Note: To see video of Sen. Durbin reading to Head Start students, click "View Gallery" to the right.
Sen. Dick Durbin, D-Illinois, made the trip to Aurora Wednesday morning to speak out against budget cuts that threaten Head Start programs in Illinois.
Speaking at Two Rivers Head Start Agency, Durbin said the cuts—part of the Fiscal Year 2011 Appropriations Bill, passed by the House last month—could potentially leave 218,000 low-income children without early childhood education next year, and cause more than 16,000 Head Start and Early Head Start classrooms to close their doors nationwide.
In Illinois, that would mean roughly 9,000 three-to-five-year-olds would lose access to early childhood classes, offered at affordable rates for families struggling to make ends meet. It would also mean the loss of up to 2,000 jobs. To Durbin, that would be a disastrous choice.
“We have one chance with a child to do it right,” Durbin said. “If we miss that opportunity, their lives change forever. Our lives change forever.”
Aurora Mayor Tom Weisner joined him in speaking out: “If we want to be competitive, (Head Start) is exactly the type of program we should be trying to enhance, not to cut,” he said.
The proposed appropriations bill would cut education programs by nearly $4.9 billion, according to Durbin, and eliminate $1.1 billion from Head Start’s funding for 2011. And local Head Start programs need “every penny” of that money to make their budgets work, said Diane Lacey, executive director of Two Rivers Head Start.
Two Rivers operates agencies as far north as Elgin, and as far south as Morris. The Aurora center serves 225 kids and their families (and Two Rivers facilities serve more than 300 in Aurora), with a further 100 on a waiting list, Lacey said. The Yorkville center serves 51, with five more waiting in line.
And both centers offer half-day and full-day classes, to allow working parents to leave their children in Head Start’s care. Lori Morrison-Frichtl, executive director of the Illinois Head Start Agency, said Head Start programs offer more than education—they involve parents at every level, and provide assistance and counseling for them as well.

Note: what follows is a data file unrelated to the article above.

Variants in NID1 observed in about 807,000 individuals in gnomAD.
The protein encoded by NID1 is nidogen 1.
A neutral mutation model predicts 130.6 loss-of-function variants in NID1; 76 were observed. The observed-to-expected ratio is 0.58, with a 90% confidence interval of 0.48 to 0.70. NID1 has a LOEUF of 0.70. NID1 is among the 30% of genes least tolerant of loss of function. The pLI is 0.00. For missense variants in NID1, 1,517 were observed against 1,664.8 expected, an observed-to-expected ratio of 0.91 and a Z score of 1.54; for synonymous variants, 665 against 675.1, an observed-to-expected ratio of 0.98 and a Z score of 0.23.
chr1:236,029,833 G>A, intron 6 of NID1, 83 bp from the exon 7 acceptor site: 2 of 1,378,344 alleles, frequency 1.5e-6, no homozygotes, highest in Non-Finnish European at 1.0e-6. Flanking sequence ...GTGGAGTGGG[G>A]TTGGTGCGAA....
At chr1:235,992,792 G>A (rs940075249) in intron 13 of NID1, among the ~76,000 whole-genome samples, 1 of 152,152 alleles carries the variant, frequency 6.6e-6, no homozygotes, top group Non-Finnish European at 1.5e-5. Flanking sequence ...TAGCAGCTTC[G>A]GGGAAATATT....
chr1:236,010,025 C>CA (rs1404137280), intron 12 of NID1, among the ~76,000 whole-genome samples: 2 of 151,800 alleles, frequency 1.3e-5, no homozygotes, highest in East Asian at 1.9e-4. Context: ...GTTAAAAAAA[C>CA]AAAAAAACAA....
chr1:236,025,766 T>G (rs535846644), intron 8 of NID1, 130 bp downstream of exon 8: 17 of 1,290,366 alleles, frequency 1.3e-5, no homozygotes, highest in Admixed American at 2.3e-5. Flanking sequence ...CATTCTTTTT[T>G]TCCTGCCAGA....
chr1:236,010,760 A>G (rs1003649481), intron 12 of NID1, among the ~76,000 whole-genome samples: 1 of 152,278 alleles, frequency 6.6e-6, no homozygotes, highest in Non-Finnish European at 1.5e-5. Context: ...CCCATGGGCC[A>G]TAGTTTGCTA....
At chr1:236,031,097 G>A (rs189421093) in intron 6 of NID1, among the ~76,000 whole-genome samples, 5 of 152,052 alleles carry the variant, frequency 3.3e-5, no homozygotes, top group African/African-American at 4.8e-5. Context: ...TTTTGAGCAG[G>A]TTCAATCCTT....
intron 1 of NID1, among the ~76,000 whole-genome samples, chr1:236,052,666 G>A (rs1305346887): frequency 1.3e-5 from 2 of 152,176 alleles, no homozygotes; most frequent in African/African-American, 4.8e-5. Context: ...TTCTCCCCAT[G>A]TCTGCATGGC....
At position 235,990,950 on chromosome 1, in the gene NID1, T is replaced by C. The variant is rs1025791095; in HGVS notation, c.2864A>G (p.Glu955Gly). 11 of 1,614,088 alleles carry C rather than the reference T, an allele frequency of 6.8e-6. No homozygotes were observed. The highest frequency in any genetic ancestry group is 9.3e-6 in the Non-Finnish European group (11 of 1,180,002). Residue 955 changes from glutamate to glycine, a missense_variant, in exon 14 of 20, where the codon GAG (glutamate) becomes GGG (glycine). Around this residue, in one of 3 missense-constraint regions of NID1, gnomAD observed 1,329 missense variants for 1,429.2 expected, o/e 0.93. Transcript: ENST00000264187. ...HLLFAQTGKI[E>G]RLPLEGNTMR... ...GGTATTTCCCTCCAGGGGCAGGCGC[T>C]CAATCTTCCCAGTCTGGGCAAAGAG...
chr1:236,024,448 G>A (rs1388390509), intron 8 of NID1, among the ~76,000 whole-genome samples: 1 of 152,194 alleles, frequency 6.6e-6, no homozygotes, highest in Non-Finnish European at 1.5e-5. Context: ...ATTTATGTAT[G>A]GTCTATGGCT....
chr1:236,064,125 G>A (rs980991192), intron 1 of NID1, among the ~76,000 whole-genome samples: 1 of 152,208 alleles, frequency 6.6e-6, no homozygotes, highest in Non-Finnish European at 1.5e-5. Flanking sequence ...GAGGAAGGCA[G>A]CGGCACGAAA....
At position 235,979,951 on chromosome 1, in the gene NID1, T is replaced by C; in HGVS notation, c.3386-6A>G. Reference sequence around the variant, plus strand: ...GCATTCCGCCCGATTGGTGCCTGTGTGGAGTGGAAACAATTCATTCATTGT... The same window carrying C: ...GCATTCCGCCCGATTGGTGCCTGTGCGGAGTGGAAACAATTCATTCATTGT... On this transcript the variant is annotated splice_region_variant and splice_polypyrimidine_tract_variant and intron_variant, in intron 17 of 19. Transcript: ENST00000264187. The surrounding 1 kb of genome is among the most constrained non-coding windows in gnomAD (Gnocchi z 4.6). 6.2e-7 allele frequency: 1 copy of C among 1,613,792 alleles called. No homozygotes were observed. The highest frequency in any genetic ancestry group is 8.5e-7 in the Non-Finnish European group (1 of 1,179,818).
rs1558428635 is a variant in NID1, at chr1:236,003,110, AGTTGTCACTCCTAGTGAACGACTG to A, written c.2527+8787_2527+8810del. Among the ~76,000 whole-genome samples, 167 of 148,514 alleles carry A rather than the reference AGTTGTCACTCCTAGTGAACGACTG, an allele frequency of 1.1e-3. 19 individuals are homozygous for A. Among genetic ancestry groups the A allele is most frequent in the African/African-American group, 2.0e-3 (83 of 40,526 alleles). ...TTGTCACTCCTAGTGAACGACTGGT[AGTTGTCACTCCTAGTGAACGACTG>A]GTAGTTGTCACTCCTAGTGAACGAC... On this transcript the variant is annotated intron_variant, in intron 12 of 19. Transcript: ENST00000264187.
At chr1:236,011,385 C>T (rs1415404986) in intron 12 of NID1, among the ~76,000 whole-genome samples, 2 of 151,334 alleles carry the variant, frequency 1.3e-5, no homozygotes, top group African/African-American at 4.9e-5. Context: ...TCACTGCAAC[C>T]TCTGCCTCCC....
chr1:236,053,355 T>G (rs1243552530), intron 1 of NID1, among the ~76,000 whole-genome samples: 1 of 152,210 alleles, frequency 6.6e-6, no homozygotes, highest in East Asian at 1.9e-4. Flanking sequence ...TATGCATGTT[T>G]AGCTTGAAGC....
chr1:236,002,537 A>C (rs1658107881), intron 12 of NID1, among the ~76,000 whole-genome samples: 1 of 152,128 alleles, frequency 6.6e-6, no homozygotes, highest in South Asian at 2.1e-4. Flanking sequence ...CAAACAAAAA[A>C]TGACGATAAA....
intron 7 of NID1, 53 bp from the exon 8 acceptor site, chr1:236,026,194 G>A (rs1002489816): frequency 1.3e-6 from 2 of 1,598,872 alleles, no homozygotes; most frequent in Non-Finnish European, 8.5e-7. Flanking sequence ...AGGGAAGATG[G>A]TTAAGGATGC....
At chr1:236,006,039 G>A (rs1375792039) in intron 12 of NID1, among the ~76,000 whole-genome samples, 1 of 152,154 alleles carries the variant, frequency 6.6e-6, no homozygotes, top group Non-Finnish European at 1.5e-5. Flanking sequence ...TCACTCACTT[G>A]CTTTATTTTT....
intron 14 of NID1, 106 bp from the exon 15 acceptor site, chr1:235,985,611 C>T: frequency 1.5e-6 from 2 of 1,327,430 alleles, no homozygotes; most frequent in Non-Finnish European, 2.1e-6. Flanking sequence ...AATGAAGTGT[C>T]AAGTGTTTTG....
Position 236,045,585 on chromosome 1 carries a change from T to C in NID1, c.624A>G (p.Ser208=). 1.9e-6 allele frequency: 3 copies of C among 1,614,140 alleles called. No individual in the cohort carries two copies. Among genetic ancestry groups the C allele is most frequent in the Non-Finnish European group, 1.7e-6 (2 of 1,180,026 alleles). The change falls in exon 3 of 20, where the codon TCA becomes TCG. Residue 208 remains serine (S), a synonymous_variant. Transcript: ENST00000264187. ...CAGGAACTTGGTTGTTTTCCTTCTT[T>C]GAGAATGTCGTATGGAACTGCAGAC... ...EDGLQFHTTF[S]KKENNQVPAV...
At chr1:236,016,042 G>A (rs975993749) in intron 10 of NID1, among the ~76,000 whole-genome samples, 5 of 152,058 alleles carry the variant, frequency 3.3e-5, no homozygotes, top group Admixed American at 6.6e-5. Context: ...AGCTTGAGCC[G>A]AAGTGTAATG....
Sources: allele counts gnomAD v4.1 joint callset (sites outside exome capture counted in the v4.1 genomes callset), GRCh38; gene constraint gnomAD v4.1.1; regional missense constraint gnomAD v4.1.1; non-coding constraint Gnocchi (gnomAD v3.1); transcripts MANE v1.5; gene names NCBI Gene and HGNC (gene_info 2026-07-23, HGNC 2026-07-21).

“I understand the need to cut unnecessary and wasteful spending,” she said, “but before we cut programs like Head Start, we need to convince Congress that there is nothing more important than our children’s future.”
Fabian Guerrero of Aurora would agree. He has sent his three kids through Two Rivers Head Start. His oldest, Fabian Jr., now 12, experienced Attention Deficit Disorder, he said, but with the help of the teachers at Two Rivers, he’s now one of the top students in his middle school.
His youngest son, Yair, now 7, had difficulty learning at a young age. It was Head Start professionals who discovered the reason why: he had a hearing problem, which was affecting his ability to understand his teachers. A few visits to a specialist, and Yair is now impressing his second-grade teachers, and reading at a fourth-grade level.
And Guerrero’s daughter, Yaretzi, four years old, is a current student at Two Rivers Head Start. The classes have done wonders for his daughter, Guerrero said, and the thought that Head Start could lose its federal funding distresses him.
“If we cut this, and the kids fall behind, what happens to them?” he said. “If we don’t start early, it’s hard for them to get a real education in high school.”
Congressman Randy Hultgren, R-Wheaton, voted for the appropriations bill. He could not be reached for comment Wednesday. The Senate has not yet voted on the bill.
While at Two Rivers Head Start, Durbin stopped in on one of the classrooms and read aloud a book called “Polar Bear, Polar Bear, What Do You Hear,” much to the delight of the 13 students in the class. They clapped, made animal noises when prompted, and laughed and smiled through the entire thing.
“That was a good story, wasn’t it?” Durbin asked when he was finished, and the kids cheered back at him.